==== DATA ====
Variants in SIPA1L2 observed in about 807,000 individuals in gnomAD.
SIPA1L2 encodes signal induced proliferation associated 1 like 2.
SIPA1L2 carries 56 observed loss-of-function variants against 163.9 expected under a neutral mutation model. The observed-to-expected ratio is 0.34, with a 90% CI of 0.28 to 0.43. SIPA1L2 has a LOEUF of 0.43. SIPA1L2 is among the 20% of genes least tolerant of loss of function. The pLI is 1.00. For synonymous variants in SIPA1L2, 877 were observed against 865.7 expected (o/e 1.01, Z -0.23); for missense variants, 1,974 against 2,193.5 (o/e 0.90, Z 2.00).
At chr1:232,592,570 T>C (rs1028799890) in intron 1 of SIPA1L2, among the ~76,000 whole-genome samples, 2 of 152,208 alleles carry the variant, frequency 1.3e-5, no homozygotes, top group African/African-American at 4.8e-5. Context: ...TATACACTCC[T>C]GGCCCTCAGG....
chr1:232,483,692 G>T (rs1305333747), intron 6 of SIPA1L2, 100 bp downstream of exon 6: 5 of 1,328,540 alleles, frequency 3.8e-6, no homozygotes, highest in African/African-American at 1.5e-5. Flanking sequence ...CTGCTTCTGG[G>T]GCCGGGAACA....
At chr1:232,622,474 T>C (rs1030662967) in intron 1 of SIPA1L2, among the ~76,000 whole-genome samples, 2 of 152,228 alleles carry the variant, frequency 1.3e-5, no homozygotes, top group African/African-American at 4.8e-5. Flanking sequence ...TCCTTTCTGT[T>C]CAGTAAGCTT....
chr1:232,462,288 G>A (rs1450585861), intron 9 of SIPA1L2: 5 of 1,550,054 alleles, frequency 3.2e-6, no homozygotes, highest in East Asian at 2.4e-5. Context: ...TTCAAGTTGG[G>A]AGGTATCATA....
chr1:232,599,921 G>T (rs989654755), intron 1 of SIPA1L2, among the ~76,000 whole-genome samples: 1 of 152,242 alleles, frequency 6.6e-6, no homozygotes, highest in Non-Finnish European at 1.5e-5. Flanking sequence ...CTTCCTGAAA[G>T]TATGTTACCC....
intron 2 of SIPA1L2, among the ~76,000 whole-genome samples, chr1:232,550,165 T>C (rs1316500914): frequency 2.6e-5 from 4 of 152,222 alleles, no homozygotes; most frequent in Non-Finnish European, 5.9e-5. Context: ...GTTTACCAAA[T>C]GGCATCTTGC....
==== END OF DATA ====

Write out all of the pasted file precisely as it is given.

Variants in SIPA1L2 observed in about 807,000 individuals in gnomAD.
SIPA1L2 encodes signal induced proliferation associated 1 like 2.
SIPA1L2 carries 56 observed loss-of-function variants against 163.9 expected under a neutral mutation model. The observed-to-expected ratio is 0.34, with a 90% CI of 0.28 to 0.43. SIPA1L2 has a LOEUF of 0.43. SIPA1L2 is among the 20% of genes least tolerant of loss of function. The pLI is 1.00. For synonymous variants in SIPA1L2, 877 were observed against 865.7 expected (o/e 1.01, Z -0.23); for missense variants, 1,974 against 2,193.5 (o/e 0.90, Z 2.00).
At chr1:232,592,570 T>C (rs1028799890) in intron 1 of SIPA1L2, among the ~76,000 whole-genome samples, 2 of 152,208 alleles carry the variant, frequency 1.3e-5, no homozygotes, top group African/African-American at 4.8e-5. Context: ...TATACACTCC[T>C]GGCCCTCAGG....
chr1:232,483,692 G>T (rs1305333747), intron 6 of SIPA1L2, 100 bp downstream of exon 6: 5 of 1,328,540 alleles, frequency 3.8e-6, no homozygotes, highest in African/African-American at 1.5e-5. Flanking sequence ...CTGCTTCTGG[G>T]GCCGGGAACA....
At chr1:232,622,474 T>C (rs1030662967) in intron 1 of SIPA1L2, among the ~76,000 whole-genome samples, 2 of 152,228 alleles carry the variant, frequency 1.3e-5, no homozygotes, top group African/African-American at 4.8e-5. Flanking sequence ...TCCTTTCTGT[T>C]CAGTAAGCTT....
chr1:232,462,288 G>A (rs1450585861), intron 9 of SIPA1L2: 5 of 1,550,054 alleles, frequency 3.2e-6, no homozygotes, highest in East Asian at 2.4e-5. Context: ...TTCAAGTTGG[G>A]AGGTATCATA....
chr1:232,599,921 G>T (rs989654755), intron 1 of SIPA1L2, among the ~76,000 whole-genome samples: 1 of 152,242 alleles, frequency 6.6e-6, no homozygotes, highest in Non-Finnish European at 1.5e-5. Flanking sequence ...CTTCCTGAAA[G>T]TATGTTACCC....
intron 2 of SIPA1L2, among the ~76,000 whole-genome samples, chr1:232,550,165 T>C (rs1316500914): frequency 2.6e-5 from 4 of 152,222 alleles, no homozygotes; most frequent in Non-Finnish European, 5.9e-5. Context: ...GTTTACCAAA[T>C]GGCATCTTGC....